Step away from that sale rack.
Online resale retailer thredUP has joined forces with “Stranger Things” star Priah Ferguson to launch a new phone service designed to deter fast fashion lovers from impulsively snapping up cheap clothing — much of which quickly lands in landfills.
ThredUP created the initiative after a survey of 2,000 Gen Z Americans found that a third of them felt “addicted” to fast fashion — which includes affordable, trendy clothes sold at some of the country’s most popular retailers, including Zara and Forever 21.
“Hey Priah here, you’ve reached the ‘Fast Fashion Confessional Hotline,’ which means you want to break up with fast fashion,” Ferguson, 15, states in a recorded message that plays after a US caller dials 1-855-THREDUP.
“You and the planet deserve better,” the actress continues, before giving callers three different options.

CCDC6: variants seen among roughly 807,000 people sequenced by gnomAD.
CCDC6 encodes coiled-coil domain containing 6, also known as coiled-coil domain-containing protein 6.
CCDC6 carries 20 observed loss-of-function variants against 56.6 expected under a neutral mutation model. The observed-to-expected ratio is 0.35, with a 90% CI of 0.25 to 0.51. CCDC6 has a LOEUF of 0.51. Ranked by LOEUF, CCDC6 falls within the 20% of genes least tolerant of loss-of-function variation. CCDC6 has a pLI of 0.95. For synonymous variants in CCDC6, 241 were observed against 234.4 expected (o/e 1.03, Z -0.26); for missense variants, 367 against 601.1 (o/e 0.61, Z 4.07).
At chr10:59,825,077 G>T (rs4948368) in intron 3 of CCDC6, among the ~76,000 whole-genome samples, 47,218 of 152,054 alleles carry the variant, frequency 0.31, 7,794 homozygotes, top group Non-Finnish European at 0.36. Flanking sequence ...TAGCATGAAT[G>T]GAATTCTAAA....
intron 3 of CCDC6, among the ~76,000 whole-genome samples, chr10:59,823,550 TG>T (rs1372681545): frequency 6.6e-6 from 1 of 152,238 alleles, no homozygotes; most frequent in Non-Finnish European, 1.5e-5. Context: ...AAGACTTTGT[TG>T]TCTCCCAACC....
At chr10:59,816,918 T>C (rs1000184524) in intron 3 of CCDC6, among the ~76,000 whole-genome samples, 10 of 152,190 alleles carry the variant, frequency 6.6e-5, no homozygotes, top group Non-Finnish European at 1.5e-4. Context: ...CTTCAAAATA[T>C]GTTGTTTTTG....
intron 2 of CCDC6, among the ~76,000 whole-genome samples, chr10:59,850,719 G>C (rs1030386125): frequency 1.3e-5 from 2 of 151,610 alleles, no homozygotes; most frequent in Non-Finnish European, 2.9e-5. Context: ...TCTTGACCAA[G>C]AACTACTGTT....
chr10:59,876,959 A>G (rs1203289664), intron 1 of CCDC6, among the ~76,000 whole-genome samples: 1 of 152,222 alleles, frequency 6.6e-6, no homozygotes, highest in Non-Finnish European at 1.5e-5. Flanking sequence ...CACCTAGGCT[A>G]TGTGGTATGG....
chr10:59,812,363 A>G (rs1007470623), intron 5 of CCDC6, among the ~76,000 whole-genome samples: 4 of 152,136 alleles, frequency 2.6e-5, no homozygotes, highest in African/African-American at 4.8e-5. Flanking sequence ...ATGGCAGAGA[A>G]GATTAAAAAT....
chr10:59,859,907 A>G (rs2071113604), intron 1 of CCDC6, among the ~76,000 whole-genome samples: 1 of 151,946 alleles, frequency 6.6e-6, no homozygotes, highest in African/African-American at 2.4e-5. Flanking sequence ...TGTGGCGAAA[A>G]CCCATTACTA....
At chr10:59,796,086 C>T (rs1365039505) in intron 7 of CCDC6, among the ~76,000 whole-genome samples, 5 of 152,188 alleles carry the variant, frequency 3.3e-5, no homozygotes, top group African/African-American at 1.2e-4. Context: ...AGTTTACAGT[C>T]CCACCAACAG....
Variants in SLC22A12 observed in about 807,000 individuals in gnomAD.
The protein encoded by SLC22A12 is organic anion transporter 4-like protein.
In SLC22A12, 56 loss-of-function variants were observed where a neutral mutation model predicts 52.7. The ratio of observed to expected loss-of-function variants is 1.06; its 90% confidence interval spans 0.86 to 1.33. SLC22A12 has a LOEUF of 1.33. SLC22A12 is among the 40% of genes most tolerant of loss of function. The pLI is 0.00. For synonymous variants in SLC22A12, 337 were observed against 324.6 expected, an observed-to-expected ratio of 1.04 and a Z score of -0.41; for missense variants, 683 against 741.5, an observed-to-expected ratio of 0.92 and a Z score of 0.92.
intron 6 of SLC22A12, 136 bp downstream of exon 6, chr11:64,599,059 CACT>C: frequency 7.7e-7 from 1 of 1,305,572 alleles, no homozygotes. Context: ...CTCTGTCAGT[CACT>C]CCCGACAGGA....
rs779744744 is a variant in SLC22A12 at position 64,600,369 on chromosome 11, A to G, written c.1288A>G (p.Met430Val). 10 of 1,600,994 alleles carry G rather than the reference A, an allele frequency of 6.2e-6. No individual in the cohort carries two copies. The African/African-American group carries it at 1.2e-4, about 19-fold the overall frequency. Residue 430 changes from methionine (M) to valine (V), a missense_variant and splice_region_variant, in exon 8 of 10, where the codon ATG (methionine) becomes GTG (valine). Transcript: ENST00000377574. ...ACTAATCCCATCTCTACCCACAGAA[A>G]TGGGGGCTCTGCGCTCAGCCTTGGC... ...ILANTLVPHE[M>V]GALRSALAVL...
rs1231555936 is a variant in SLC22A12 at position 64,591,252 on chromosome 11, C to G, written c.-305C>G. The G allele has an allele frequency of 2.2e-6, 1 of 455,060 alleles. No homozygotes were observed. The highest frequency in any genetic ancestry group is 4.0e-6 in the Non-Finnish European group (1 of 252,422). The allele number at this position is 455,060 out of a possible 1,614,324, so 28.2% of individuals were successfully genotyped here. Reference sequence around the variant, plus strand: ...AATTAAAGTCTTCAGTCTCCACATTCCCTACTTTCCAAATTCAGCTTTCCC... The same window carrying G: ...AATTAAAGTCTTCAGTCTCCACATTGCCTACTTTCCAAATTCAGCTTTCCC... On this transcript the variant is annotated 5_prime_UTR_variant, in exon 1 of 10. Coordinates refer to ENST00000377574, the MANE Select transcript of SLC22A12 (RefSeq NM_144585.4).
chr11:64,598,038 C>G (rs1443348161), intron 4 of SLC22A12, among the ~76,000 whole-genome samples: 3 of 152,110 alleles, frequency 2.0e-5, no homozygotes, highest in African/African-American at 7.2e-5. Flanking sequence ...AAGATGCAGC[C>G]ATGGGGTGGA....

“If you’re on the verge of a splurge, girl no. Press 1,” Ferguson demands, with the number leading to a lecture from the star on why fast fashion is bad.
If a caller presses 2, they’ll be able to hear Ferguson explain why thrift shopping is a superior alternative for the environment.
Meanwhile, an option to press 3 results in the starlet sharing her own fast fashion horror story in a bid to get the caller to put their clothes back on the rack.
“We were surprised by the number of people who said they were perfectly aware of their individual consumption habits and that they had an impact on the planet, but were doing it anyway,” thredUP’s VP of Integrated Marketing Erin Wallace told Vogue Business this week.
Many youngsters are shopping for clothes for their social media feeds, before ditching the designs after just a few wears. The clothes are subsequently thrown in the trash, where they often end up in landfill taking decades to break down.
In 2018, The Post reported on survey of 2,000 Brits which found a majority of them were buying double the number of clothing items than they were just a decade earlier.
The survey also revealed that one in 10 respondents dumped their clothes after wearing them just 3 times in photos posted on Facebook or Instagram.
Meanwhile, one in 5 respondents admitted to stuffing unwanted couture in the trash rather than donating or recycling it.